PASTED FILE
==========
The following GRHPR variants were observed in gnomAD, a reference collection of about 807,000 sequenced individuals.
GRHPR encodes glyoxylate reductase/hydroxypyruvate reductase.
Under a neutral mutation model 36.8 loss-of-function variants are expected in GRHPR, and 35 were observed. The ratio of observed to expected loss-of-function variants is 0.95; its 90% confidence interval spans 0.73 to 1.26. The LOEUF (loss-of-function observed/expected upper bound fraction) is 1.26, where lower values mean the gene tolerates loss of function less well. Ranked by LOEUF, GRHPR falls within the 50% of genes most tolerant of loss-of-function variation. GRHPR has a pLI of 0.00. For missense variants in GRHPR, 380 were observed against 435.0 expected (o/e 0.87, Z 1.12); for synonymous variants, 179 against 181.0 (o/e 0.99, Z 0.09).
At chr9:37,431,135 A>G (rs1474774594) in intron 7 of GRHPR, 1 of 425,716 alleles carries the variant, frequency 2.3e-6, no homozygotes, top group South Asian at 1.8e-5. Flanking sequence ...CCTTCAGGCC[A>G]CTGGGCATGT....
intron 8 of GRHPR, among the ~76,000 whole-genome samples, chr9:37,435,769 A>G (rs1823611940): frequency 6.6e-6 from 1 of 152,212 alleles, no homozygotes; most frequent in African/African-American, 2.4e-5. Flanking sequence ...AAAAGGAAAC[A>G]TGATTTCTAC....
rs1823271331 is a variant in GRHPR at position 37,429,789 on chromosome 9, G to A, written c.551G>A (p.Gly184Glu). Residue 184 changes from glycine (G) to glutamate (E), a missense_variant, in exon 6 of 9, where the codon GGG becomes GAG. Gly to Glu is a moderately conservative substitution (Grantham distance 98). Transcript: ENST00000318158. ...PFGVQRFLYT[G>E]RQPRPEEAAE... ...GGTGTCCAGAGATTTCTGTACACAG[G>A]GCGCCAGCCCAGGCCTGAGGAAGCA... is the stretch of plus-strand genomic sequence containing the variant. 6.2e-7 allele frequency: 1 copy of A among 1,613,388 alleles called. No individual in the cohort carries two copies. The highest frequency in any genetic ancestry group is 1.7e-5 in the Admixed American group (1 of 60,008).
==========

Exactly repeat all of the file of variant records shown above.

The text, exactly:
The following GRHPR variants were observed in gnomAD, a reference collection of about 807,000 sequenced individuals.
GRHPR encodes glyoxylate reductase/hydroxypyruvate reductase.
Under a neutral mutation model 36.8 loss-of-function variants are expected in GRHPR, and 35 were observed. The ratio of observed to expected loss-of-function variants is 0.95; its 90% confidence interval spans 0.73 to 1.26. The LOEUF (loss-of-function observed/expected upper bound fraction) is 1.26, where lower values mean the gene tolerates loss of function less well. Ranked by LOEUF, GRHPR falls within the 50% of genes most tolerant of loss-of-function variation. GRHPR has a pLI of 0.00. For missense variants in GRHPR, 380 were observed against 435.0 expected (o/e 0.87, Z 1.12); for synonymous variants, 179 against 181.0 (o/e 0.99, Z 0.09).
At chr9:37,431,135 A>G (rs1474774594) in intron 7 of GRHPR, 1 of 425,716 alleles carries the variant, frequency 2.3e-6, no homozygotes, top group South Asian at 1.8e-5. Flanking sequence ...CCTTCAGGCC[A>G]CTGGGCATGT....
intron 8 of GRHPR, among the ~76,000 whole-genome samples, chr9:37,435,769 A>G (rs1823611940): frequency 6.6e-6 from 1 of 152,212 alleles, no homozygotes; most frequent in African/African-American, 2.4e-5. Flanking sequence ...AAAAGGAAAC[A>G]TGATTTCTAC....
rs1823271331 is a variant in GRHPR at position 37,429,789 on chromosome 9, G to A, written c.551G>A (p.Gly184Glu). Residue 184 changes from glycine (G) to glutamate (E), a missense_variant, in exon 6 of 9, where the codon GGG becomes GAG. Gly to Glu is a moderately conservative substitution (Grantham distance 98). Transcript: ENST00000318158. ...PFGVQRFLYT[G>E]RQPRPEEAAE... ...GGTGTCCAGAGATTTCTGTACACAG[G>A]GCGCCAGCCCAGGCCTGAGGAAGCA... is the stretch of plus-strand genomic sequence containing the variant. 6.2e-7 allele frequency: 1 copy of A among 1,613,388 alleles called. No individual in the cohort carries two copies. The highest frequency in any genetic ancestry group is 1.7e-5 in the Admixed American group (1 of 60,008).